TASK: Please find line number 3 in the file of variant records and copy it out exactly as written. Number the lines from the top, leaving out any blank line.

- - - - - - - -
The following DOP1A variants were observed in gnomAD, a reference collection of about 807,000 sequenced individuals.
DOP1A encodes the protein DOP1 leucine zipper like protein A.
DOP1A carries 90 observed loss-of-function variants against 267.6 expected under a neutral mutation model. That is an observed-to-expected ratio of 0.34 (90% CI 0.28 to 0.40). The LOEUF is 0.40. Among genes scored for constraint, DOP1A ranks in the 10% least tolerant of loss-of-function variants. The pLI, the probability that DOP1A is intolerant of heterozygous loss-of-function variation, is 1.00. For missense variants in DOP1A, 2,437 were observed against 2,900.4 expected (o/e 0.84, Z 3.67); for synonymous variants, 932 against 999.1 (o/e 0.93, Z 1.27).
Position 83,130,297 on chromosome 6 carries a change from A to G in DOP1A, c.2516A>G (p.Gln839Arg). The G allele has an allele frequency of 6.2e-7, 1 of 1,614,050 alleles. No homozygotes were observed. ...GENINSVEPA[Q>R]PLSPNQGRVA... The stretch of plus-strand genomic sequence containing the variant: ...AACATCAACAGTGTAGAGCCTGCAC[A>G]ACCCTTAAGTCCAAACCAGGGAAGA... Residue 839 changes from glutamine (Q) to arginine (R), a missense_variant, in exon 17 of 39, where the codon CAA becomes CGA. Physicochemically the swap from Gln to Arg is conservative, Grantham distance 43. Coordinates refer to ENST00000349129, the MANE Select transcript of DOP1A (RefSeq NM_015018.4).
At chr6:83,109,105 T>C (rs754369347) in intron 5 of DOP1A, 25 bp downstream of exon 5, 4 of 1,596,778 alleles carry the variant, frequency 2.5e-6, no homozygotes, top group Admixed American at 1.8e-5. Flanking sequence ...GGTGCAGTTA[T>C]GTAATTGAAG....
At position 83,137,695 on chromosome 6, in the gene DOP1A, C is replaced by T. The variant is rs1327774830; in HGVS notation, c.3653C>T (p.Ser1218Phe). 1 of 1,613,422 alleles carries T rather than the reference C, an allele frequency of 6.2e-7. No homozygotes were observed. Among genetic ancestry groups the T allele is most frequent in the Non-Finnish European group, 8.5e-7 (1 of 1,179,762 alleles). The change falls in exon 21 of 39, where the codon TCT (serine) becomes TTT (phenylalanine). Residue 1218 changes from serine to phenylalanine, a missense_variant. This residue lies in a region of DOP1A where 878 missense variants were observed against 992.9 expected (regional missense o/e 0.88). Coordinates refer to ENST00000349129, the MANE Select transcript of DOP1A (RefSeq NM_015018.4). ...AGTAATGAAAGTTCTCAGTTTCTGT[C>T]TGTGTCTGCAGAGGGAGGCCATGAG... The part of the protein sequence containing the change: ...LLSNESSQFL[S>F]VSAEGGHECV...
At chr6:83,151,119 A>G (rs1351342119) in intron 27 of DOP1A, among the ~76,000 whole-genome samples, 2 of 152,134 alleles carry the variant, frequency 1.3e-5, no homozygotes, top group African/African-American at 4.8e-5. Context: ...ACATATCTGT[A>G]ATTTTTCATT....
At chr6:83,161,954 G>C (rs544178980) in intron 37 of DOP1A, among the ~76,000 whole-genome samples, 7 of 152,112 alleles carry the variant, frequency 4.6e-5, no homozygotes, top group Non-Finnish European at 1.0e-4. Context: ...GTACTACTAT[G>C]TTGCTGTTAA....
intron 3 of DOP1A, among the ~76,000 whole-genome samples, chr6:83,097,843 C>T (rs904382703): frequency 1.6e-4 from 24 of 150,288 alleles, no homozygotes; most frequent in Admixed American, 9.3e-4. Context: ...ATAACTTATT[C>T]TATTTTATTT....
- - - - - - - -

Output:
DOP1A carries 90 observed loss-of-function variants against 267.6 expected under a neutral mutation model. That is an observed-to-expected ratio of 0.34 (90% CI 0.28 to 0.40). The LOEUF is 0.40. Among genes scored for constraint, DOP1A ranks in the 10% least tolerant of loss-of-function variants. The pLI, the probability that DOP1A is intolerant of heterozygous loss-of-function variation, is 1.00. For missense variants in DOP1A, 2,437 were observed against 2,900.4 expected (o/e 0.84, Z 3.67); for synonymous variants, 932 against 999.1 (o/e 0.93, Z 1.27).